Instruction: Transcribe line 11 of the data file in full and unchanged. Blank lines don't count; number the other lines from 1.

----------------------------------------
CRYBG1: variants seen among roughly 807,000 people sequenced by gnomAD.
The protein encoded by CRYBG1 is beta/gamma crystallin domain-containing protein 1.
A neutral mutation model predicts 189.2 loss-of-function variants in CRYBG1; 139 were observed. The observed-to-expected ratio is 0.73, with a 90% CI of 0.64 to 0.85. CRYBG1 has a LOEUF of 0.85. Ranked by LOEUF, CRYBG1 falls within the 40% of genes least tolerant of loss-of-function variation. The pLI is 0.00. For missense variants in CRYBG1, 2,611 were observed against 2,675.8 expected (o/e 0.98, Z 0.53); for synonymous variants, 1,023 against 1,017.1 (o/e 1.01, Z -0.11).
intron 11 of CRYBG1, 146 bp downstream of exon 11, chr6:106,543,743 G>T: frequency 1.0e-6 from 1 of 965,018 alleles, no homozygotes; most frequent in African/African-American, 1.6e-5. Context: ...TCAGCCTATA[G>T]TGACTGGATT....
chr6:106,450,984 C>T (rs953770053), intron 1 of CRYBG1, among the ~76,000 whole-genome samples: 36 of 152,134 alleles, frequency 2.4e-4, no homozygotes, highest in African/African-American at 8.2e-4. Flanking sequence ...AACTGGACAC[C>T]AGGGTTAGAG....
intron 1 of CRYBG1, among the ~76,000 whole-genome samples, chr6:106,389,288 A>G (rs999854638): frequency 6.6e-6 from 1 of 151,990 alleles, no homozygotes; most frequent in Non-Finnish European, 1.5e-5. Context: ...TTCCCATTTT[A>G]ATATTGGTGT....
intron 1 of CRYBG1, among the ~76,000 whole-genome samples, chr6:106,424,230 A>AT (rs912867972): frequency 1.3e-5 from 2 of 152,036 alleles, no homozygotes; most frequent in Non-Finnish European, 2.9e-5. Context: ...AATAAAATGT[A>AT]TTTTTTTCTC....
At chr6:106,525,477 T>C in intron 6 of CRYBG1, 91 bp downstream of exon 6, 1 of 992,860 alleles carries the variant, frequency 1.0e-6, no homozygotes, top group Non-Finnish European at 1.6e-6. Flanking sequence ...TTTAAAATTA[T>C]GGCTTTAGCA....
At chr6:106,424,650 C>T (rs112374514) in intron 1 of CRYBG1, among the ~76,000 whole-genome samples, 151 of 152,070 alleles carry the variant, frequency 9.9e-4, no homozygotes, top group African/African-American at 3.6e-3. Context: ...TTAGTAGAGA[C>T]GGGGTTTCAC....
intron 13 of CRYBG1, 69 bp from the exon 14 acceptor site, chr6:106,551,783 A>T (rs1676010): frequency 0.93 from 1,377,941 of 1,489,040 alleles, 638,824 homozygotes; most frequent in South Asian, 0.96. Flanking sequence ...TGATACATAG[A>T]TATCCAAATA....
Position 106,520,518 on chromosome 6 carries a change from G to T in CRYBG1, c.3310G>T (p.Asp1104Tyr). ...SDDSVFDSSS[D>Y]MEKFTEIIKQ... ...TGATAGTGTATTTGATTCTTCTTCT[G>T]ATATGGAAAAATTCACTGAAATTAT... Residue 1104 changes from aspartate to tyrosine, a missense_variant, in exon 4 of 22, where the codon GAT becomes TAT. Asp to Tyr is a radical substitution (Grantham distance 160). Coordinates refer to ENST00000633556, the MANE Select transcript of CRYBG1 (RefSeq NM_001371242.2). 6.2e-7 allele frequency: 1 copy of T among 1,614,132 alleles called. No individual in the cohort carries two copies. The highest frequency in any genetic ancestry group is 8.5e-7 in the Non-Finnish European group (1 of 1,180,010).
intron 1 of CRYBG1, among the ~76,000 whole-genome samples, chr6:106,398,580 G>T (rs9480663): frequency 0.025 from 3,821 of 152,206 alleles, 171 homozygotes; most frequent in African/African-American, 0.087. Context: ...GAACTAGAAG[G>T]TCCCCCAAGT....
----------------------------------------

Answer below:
Position 106,520,518 on chromosome 6 carries a change from G to T in CRYBG1, c.3310G>T (p.Asp1104Tyr). ...SDDSVFDSSS[D>Y]MEKFTEIIKQ... ...TGATAGTGTATTTGATTCTTCTTCT[G>T]ATATGGAAAAATTCACTGAAATTAT... Residue 1104 changes from aspartate to tyrosine, a missense_variant, in exon 4 of 22, where the codon GAT becomes TAT. Asp to Tyr is a radical substitution (Grantham distance 160). Coordinates refer to ENST00000633556, the MANE Select transcript of CRYBG1 (RefSeq NM_001371242.2). 6.2e-7 allele frequency: 1 copy of T among 1,614,132 alleles called. No individual in the cohort carries two copies. The highest frequency in any genetic ancestry group is 8.5e-7 in the Non-Finnish European group (1 of 1,180,010).